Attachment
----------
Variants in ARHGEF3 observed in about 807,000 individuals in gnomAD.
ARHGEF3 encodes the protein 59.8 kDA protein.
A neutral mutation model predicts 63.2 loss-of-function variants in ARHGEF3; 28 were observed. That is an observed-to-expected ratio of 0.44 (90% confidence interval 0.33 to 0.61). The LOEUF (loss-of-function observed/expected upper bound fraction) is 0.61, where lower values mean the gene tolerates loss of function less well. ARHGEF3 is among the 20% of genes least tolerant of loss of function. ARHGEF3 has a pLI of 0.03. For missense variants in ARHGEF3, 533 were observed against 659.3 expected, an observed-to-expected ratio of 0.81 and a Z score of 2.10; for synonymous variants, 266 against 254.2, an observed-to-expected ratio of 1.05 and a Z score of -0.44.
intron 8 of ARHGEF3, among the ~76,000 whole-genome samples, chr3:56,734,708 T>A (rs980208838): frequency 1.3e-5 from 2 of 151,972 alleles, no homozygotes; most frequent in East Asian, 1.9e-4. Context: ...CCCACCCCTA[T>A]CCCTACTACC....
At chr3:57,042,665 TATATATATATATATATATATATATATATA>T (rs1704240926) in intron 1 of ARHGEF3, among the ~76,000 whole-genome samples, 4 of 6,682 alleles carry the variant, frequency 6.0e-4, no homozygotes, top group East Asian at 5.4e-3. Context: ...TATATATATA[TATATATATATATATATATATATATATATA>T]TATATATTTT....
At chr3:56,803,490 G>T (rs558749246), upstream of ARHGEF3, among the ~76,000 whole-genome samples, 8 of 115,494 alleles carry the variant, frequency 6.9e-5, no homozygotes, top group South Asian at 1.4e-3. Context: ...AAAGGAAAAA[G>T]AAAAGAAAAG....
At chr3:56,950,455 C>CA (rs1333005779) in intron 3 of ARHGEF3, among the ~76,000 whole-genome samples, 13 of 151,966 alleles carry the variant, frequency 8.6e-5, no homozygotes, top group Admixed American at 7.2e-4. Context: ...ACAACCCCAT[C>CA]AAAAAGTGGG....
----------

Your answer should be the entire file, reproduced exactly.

Variants in ARHGEF3 observed in about 807,000 individuals in gnomAD.
ARHGEF3 encodes the protein 59.8 kDA protein.
A neutral mutation model predicts 63.2 loss-of-function variants in ARHGEF3; 28 were observed. That is an observed-to-expected ratio of 0.44 (90% confidence interval 0.33 to 0.61). The LOEUF (loss-of-function observed/expected upper bound fraction) is 0.61, where lower values mean the gene tolerates loss of function less well. ARHGEF3 is among the 20% of genes least tolerant of loss of function. ARHGEF3 has a pLI of 0.03. For missense variants in ARHGEF3, 533 were observed against 659.3 expected, an observed-to-expected ratio of 0.81 and a Z score of 2.10; for synonymous variants, 266 against 254.2, an observed-to-expected ratio of 1.05 and a Z score of -0.44.
intron 8 of ARHGEF3, among the ~76,000 whole-genome samples, chr3:56,734,708 T>A (rs980208838): frequency 1.3e-5 from 2 of 151,972 alleles, no homozygotes; most frequent in East Asian, 1.9e-4. Context: ...CCCACCCCTA[T>A]CCCTACTACC....
At chr3:57,042,665 TATATATATATATATATATATATATATATA>T (rs1704240926) in intron 1 of ARHGEF3, among the ~76,000 whole-genome samples, 4 of 6,682 alleles carry the variant, frequency 6.0e-4, no homozygotes, top group East Asian at 5.4e-3. Context: ...TATATATATA[TATATATATATATATATATATATATATATA>T]TATATATTTT....
At chr3:56,803,490 G>T (rs558749246), upstream of ARHGEF3, among the ~76,000 whole-genome samples, 8 of 115,494 alleles carry the variant, frequency 6.9e-5, no homozygotes, top group South Asian at 1.4e-3. Context: ...AAAGGAAAAA[G>T]AAAAGAAAAG....
At chr3:56,950,455 C>CA (rs1333005779) in intron 3 of ARHGEF3, among the ~76,000 whole-genome samples, 13 of 151,966 alleles carry the variant, frequency 8.6e-5, no homozygotes, top group Admixed American at 7.2e-4. Context: ...ACAACCCCAT[C>CA]AAAAAGTGGG....